Gone with the Wind was not a typical, film-a-week studio production. It was advertised as: 'The most magnificent picture ever!' This was meant from the start to be an epic: big, broad, expensive and long. It won nine Oscars and is generally held to be the most popular American historical film ever made. It is still on the list of the top 20 money-making films of all times (and would probably remain first if inflation were taken into account). It opened in the USA in the second week of December 1939. By New Year's Day Selznick's 'blockbuster' had sold a million dollars' worth of tickets. In London, it opened in 1940 and played for a record 232 consecutive weeks. In 1976 the American TV première of Gone with the Wind was the highest-rated single network programme ever broadcast.
Gone with the Wind was adapted from a novel by Margaret Mitchell, an Atlanta newspaper reporter. Her lengthy book was based on stories of the old South that she heard as a child. The story was published in 1936 and immediately became a best-seller, going on to break sales records and attracting the Hollywood studios. Gone with the Wind had the potential - if carefully scripted and especially marketed - to cross demographic barriers in the audience. In particular, it had the potential to be both a men's and a women's picture at the same time: a war story and the heroic figure of Rhett Butler for the men; epic romance and the emotional Scarlett O'Hara for the women. The film was produced by David O. Selznick in conjunction with MGM. Selznick not only identified the novel's huge potential as a top box-office film; as a long-time industry insider he also negotiated a lot of personal control over production.
Once Selznick had bought up the rights to the book, he had to set about casting the picture. Gable was an obvious choice for Rhett, but Selznick gained a publicity coup by basically publicly auditioning America for an actress to play the part of Scarlett. In the search for Scarlett, 1400 candidates were allegedly screen
Gone with the Wind
tested. Selznick really spun the drama out. On 10 December 1938, Selznick shot the famous burning of Atlanta sequence with stunt doubles standing in for Gable and the still uncast Scarlett O'Hara. According to the legend, in the light of the flames of the Atlanta set, Selznick's brother, an agent, introduced him to his new client Vivien Leigh. Leigh was cast on the spot.
You will notice that the name Selznick is cropping up regularly in this story. David O. Selznick was not the director. He controlled the film - the casting and so on - before assigning a director. He fired the first director - George Cukor - on the pleadings of Clark Gable (who thought Cukor was a 'woman's director'). Victor Fleming replaced Cukor, but Selznick continued his hands-on style, including overseeing the set-ups of every shot. It is not entirely unreasonable to cast Selznick as 'producer as auteur' - but we should not underestimate the role of William Cameron Menzies - the production designer - and the influence of Selznick's brother Myron.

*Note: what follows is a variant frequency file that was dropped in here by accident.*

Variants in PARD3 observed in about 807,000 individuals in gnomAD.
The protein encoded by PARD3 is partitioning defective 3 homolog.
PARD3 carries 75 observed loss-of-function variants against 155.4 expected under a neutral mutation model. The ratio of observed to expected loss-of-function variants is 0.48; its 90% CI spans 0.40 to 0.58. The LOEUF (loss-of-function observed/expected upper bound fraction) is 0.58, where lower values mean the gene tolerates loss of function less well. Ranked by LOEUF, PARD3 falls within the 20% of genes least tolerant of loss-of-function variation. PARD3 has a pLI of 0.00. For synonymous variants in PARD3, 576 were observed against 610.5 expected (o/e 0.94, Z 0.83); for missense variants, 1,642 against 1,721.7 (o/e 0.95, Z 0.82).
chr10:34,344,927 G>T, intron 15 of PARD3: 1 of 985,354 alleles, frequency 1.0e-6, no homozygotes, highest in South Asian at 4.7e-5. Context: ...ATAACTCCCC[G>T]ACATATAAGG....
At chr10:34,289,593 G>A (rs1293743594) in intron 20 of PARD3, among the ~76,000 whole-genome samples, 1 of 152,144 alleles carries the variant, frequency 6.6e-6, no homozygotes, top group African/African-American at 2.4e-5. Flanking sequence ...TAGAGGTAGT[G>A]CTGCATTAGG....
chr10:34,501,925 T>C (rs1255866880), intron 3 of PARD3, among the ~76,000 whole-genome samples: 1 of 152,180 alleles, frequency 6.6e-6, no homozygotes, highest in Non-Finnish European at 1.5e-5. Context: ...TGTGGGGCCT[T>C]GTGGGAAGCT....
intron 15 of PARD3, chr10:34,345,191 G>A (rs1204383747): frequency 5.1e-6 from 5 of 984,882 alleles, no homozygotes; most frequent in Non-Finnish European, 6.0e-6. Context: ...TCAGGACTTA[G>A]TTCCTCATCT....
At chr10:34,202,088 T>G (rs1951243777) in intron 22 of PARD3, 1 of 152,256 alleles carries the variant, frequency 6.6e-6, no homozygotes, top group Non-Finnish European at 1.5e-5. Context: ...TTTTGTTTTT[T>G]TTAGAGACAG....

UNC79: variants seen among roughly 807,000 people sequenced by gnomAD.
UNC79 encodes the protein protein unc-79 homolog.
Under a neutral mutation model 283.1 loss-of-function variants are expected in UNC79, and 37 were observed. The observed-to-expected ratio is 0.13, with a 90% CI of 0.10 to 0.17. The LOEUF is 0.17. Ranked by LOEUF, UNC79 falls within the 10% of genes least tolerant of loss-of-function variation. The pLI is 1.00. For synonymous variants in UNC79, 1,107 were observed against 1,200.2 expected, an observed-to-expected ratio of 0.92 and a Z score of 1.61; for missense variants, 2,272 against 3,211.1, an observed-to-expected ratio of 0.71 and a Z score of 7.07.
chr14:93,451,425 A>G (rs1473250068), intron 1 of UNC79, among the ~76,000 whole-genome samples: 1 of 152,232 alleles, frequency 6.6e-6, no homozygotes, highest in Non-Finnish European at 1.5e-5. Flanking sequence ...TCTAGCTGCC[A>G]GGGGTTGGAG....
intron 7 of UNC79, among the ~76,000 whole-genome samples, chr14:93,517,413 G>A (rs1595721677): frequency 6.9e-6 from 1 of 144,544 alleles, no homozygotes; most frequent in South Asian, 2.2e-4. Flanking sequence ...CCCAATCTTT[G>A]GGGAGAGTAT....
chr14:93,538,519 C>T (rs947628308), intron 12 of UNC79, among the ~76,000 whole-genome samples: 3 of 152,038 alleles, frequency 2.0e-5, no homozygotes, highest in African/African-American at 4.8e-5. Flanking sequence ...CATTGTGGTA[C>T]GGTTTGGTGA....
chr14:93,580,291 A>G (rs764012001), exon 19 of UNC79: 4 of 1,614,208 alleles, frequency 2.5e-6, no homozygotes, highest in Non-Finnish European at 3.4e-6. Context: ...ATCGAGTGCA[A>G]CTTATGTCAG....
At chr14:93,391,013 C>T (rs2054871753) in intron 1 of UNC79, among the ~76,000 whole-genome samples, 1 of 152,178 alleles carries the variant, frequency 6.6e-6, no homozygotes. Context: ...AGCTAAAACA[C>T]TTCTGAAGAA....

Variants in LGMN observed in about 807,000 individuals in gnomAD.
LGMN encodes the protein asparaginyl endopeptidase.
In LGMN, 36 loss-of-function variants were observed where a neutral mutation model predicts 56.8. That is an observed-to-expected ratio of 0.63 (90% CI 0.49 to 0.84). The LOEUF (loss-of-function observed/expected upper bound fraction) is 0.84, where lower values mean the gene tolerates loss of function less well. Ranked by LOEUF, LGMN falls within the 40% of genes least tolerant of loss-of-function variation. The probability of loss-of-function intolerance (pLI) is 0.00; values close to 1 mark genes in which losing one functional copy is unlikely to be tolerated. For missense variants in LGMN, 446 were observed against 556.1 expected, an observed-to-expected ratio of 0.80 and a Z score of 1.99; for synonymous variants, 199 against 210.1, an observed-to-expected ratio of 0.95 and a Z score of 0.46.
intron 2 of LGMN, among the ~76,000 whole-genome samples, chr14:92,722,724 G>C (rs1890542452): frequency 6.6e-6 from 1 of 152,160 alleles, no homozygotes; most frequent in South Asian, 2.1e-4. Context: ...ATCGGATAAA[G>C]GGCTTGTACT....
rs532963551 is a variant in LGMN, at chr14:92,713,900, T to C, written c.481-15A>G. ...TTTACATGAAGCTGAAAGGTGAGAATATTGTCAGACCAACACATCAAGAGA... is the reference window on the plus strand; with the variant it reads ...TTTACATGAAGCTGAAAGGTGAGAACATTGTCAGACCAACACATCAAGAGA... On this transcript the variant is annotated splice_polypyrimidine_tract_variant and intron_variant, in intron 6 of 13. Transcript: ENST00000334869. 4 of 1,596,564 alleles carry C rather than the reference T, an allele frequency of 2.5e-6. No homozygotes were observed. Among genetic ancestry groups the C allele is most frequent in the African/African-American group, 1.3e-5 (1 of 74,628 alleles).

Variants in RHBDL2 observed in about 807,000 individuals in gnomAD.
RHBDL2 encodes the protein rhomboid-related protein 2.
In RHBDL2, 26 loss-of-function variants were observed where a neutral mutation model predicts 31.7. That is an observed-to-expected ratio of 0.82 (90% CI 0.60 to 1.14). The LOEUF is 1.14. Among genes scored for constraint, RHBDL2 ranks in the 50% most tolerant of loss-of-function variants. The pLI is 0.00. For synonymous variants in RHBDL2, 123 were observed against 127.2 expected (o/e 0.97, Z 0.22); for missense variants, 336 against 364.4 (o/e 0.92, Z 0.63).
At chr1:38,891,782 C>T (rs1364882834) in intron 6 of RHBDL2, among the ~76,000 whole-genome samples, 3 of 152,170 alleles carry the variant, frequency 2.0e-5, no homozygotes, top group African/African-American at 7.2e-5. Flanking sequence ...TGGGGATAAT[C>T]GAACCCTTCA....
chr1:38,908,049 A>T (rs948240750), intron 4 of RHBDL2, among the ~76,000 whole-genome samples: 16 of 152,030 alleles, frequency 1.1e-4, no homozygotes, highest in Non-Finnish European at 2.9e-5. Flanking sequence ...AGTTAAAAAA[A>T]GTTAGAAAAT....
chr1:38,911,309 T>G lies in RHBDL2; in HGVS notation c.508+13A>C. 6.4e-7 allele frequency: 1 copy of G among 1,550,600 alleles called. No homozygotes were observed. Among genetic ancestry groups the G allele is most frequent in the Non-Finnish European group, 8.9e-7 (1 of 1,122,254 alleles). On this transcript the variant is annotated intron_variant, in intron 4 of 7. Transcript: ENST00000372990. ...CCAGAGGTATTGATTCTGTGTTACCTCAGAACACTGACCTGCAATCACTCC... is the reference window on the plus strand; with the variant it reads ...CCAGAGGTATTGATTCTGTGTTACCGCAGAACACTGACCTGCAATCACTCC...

The production proceeded on an epically expensive scale: 59 leading and supporting players, 2400 extras, 90 sets; women's costumes alone cost $100 000 to buy. Selznick aimed at some form of authenticity. Dozens of historical advisers were brought in, plus a Southern dialogue coach, an expert on Southern etiquette and a historical architect specialising in the American Civil War period. Production costs topped $3.5 million (or $200 million in today's money), with another half a million spent on prints, publicity and advertising.
Even stripping away the hype (part of its allure, after all), Gone with the Wind remains triumphant. However much it cost to make - it made money. However shallow the supporting cast - the stars are stellar and compelling. However long and sprawling the movie may be - it remains, like Casablanca (see chapter 11) or Star Wars (see chapter 28), a testament to the power of mainstream commercial cinema as an engaging storytelling medium and enduring cultural product.
* When watching the film - as with Stagecoach (chapter 9), The Seven Samurai (chapter 17), Apocalypse Now (chapter 30) and so many others - you should consider how movies portray and mythologise historical events and periods.
• 'Hollywood' is often assumed to produce 'realist' films - yet Gone with the Wind contains many expressionist flourishes -not least in the sets and lighting. Fleming made The Wizard of Oz in the same year - with apparently rather more justification for stylised mise en scène. Why do you think the filmmakers chose to move away from realism for this epic?
• Beyond being a ripping good yarn, Gone with the Wind does contain some very disturbing portrayals of black people and a deeply condescending view of the role of women. Is this simply 'telling it like it is' in the pre-Civil War South?
• If (heaven forefend!) you were remaking Gone with the Wind for a twenty-first century audience, who would you cast as Rhett and Scarlett? (Would it be easier to remarket the original? Why?)
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